For decades, those of us skeptical of our central banks’ monetary experiments have tried to punish them for their excesses – rein them in, have them follow a stated rule, or at least provide a way for us critics to opt out of their system. Immunize ourselves from whatever havoc they’re wreaking.
Projects have come and gone: e-gold, DigiCash, B-Money, Bit Gold. Yet, on a personal level we must persevere, regardless of how little you think of those rapidly diluted U.S. dollars. For the post-war generation, gold often allowed some measure of protection, but its history in 1914, 1933, and 1971 indicate some of its limitations – when push comes to shove, it’s not that hard for governments to seize, debase, or ban it. For my parents’ and grandparents’ generation, houses and subsidized mortgage rates played another such role. You could, as my grandfather often remarks, “build capital” and “amass savings” this way: buy a house with as much borrowed money as you can access, pay low – sometimes negative – real interest rates, deduct part of the expense from your tax bill, and ride the housing boom all the way to comfortable wealth.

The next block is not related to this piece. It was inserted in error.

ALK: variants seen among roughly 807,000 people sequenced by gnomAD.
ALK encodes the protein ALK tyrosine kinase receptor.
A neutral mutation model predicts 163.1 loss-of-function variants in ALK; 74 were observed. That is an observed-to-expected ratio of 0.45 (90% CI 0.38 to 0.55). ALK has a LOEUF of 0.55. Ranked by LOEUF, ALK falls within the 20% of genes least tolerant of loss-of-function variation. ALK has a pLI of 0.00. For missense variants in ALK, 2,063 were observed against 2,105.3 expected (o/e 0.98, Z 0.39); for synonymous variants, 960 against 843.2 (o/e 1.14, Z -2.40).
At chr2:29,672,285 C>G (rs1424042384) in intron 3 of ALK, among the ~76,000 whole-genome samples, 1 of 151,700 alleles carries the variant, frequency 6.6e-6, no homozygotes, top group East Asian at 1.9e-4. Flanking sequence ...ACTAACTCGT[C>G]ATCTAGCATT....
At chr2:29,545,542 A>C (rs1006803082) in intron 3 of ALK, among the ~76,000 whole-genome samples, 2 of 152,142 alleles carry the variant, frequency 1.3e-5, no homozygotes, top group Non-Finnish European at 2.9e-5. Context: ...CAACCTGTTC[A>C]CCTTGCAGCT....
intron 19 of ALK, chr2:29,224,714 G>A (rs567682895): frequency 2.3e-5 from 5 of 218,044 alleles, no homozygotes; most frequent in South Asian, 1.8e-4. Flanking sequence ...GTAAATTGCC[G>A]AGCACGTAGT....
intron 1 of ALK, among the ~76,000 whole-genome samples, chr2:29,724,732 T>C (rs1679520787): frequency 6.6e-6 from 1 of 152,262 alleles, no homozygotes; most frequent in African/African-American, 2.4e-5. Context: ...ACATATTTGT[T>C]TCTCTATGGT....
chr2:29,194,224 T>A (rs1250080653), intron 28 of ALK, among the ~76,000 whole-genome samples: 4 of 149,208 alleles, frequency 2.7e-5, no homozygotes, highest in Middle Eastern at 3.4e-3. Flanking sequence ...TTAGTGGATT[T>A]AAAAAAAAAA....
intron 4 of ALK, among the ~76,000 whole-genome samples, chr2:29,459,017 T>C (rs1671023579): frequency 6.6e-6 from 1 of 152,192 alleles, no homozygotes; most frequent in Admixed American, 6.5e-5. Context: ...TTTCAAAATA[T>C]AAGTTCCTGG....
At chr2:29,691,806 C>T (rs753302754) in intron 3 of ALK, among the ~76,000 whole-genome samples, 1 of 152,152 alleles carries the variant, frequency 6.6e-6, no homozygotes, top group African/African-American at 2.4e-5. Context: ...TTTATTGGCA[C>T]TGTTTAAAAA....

In the new millennium, that housing boom trend has continued – in addition to rallying stock markets. The most vocal critics call it “The Everything Bubble.” To quote Steve Carell’s character, Mark Baum, in The Big Short: “Our whole system is built on ripping people off. How long can that last?”
For months and months, pundits of varying sophistication – including myself – have asked that question: Everything looks bubbly, I argued in January even before the GameStop debacle and r/WallStreetBets shoved malfunctioning financial markets into the purview of everyone outside the merry band of financial nerds. What’s the end game? How do we – or central banks, or governments who with one hand taketh away and another flushing us with cash – exit this madness? Looking at all of this, what’s a young person supposed to do – or a person in retirement trying to safeguard their meager savings so that they last?